By Ismail Shakil
OTTAWA (Reuters) -Striking education sector workers in Canada's most populous province agreed to return to work after the Ontario government on Monday offered to rescind a controversial law that imposed a contract on the workers and outlawed strikes.
The legislation, passed last week, was widely criticized for its use of a so-called notwithstanding clause, which allows a provincial government to override some aspects of Canada's Charter of Rights, which guarantees individuals rights and freedoms prescribed by law.
The Ontario government's offer to repeal the law was hailed as a victory by workers, which include educational assistants, secretaries and library workers. Union leader Laura Walton said they would be "collapsing" protest sites from Tuesday.
While the principal dispute over a new contract is still unresolved, the compromise allows hundreds of Ontario schools to resume in-person classes while the government and the union return to the negotiating table.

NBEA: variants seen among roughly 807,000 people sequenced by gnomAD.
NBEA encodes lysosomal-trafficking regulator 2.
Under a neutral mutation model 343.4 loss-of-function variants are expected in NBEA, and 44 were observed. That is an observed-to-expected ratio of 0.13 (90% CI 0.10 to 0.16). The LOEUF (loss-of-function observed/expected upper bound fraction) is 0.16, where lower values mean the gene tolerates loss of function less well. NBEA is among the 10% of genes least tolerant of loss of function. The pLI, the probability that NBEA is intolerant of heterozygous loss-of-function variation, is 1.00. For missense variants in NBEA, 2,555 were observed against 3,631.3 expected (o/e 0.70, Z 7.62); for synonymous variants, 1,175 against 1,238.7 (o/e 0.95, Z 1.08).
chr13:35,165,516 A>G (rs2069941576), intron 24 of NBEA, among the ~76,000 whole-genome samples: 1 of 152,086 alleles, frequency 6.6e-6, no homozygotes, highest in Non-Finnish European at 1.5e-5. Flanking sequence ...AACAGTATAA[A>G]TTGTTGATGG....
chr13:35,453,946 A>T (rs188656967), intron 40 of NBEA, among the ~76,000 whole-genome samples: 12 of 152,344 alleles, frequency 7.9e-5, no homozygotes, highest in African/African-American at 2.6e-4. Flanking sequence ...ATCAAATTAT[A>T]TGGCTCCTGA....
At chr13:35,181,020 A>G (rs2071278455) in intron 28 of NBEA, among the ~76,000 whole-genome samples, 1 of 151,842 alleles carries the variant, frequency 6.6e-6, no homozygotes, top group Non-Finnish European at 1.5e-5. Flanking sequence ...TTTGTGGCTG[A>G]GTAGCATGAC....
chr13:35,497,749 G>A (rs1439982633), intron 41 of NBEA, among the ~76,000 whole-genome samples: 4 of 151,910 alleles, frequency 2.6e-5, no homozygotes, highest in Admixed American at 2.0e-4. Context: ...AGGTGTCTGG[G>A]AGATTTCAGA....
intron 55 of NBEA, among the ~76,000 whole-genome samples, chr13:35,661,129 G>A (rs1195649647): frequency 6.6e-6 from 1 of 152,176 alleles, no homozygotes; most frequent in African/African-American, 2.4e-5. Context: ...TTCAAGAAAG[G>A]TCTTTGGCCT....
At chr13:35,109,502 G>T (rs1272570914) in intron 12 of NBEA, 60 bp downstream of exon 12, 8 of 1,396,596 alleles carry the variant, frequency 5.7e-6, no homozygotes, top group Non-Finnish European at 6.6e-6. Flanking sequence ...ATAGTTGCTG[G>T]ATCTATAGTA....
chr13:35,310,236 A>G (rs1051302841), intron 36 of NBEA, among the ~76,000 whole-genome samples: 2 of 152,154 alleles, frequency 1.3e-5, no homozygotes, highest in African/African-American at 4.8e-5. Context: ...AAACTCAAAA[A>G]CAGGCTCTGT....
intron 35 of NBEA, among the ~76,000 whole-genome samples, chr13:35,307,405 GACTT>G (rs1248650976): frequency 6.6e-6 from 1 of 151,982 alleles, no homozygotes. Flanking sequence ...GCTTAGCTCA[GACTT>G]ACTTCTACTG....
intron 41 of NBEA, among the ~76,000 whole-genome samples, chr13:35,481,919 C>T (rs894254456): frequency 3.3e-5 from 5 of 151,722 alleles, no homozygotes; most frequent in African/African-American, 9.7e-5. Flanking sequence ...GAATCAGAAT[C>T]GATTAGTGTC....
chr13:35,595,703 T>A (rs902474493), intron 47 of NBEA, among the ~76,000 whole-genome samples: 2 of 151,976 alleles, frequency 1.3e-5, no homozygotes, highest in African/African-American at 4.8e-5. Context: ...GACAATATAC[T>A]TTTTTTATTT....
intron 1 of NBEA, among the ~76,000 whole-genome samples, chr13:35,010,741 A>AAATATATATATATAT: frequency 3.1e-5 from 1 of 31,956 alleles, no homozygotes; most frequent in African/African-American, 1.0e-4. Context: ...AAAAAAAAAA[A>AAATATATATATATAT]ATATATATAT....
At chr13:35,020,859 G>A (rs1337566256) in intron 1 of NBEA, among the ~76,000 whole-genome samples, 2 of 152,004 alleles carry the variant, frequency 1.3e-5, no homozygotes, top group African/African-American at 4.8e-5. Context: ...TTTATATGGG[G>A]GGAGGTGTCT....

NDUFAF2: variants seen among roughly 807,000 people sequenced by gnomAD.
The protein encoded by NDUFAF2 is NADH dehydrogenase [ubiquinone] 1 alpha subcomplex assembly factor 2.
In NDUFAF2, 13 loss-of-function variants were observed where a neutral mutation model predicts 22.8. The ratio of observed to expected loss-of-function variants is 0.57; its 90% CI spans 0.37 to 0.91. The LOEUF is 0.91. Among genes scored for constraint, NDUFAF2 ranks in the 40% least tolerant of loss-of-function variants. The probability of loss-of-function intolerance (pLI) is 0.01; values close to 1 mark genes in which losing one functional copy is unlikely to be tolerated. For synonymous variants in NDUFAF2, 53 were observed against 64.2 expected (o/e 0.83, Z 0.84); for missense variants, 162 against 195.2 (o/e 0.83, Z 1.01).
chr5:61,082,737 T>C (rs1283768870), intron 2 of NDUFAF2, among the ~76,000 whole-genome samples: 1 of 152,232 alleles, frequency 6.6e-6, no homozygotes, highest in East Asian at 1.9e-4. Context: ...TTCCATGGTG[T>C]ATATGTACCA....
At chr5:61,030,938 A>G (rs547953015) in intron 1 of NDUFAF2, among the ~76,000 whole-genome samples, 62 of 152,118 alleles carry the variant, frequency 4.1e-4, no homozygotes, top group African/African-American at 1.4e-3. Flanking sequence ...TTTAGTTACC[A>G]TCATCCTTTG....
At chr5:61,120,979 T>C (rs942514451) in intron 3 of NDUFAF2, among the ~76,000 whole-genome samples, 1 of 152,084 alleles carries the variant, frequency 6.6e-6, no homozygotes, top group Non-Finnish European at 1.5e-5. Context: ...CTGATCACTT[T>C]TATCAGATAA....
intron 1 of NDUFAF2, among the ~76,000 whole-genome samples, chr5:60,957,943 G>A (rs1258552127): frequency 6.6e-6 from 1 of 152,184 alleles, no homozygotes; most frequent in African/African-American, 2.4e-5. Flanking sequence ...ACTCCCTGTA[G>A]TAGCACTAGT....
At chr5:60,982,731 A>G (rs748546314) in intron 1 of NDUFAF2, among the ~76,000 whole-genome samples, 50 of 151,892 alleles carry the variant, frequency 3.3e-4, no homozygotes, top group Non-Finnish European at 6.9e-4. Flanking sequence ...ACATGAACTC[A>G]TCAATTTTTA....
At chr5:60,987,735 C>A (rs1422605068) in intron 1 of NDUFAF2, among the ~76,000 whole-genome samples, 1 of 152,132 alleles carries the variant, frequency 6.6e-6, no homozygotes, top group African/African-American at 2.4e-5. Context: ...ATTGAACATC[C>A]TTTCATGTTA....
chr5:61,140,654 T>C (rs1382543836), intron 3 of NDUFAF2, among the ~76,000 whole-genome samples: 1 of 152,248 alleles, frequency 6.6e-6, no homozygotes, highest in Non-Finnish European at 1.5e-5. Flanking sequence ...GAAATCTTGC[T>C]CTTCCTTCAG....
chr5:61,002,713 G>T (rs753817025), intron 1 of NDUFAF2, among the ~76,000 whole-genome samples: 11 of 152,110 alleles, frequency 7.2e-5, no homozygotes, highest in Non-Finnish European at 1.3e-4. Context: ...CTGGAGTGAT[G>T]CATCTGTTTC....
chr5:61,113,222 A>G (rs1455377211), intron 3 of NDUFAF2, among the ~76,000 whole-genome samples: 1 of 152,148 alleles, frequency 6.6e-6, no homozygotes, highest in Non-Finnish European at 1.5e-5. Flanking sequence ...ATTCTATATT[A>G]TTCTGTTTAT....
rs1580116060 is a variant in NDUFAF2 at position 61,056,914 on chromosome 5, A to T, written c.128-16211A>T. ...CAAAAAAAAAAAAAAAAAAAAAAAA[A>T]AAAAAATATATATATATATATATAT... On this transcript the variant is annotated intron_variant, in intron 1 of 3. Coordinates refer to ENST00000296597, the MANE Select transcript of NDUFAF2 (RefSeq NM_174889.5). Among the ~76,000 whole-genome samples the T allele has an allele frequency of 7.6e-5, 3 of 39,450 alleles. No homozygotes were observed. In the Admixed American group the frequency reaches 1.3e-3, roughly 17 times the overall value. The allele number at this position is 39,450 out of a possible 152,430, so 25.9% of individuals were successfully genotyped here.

"We hope that this gesture is met with the same good faith by this government in a new proposal at the bargaining table as soon as possible," Walton said at a news conference.
Some 55,000 education workers represented by the Canadian Union of Public Employees (CUPE) went on strike on Friday after failing to reach an agreement with the provincial government on better pay and more frontline staff in schools.
Ontario Premier Doug Ford's Progressive Conservative government has rejected the workers' demands as too high and said that the legislation was necessary to keep classrooms open after two years of disruptions due to the COVID-19 pandemic.
"I'm glad CUPE has agreed to withdraw its strike action so kids can return to class," Ford said in a tweet. "We'll be back at the table to negotiate a fair deal — for students, parents, workers and taxpayers."
(Reporting by Ismail Shakil in Ottawa; editing by Deepa Babington, Grant McCool and Richard Chang)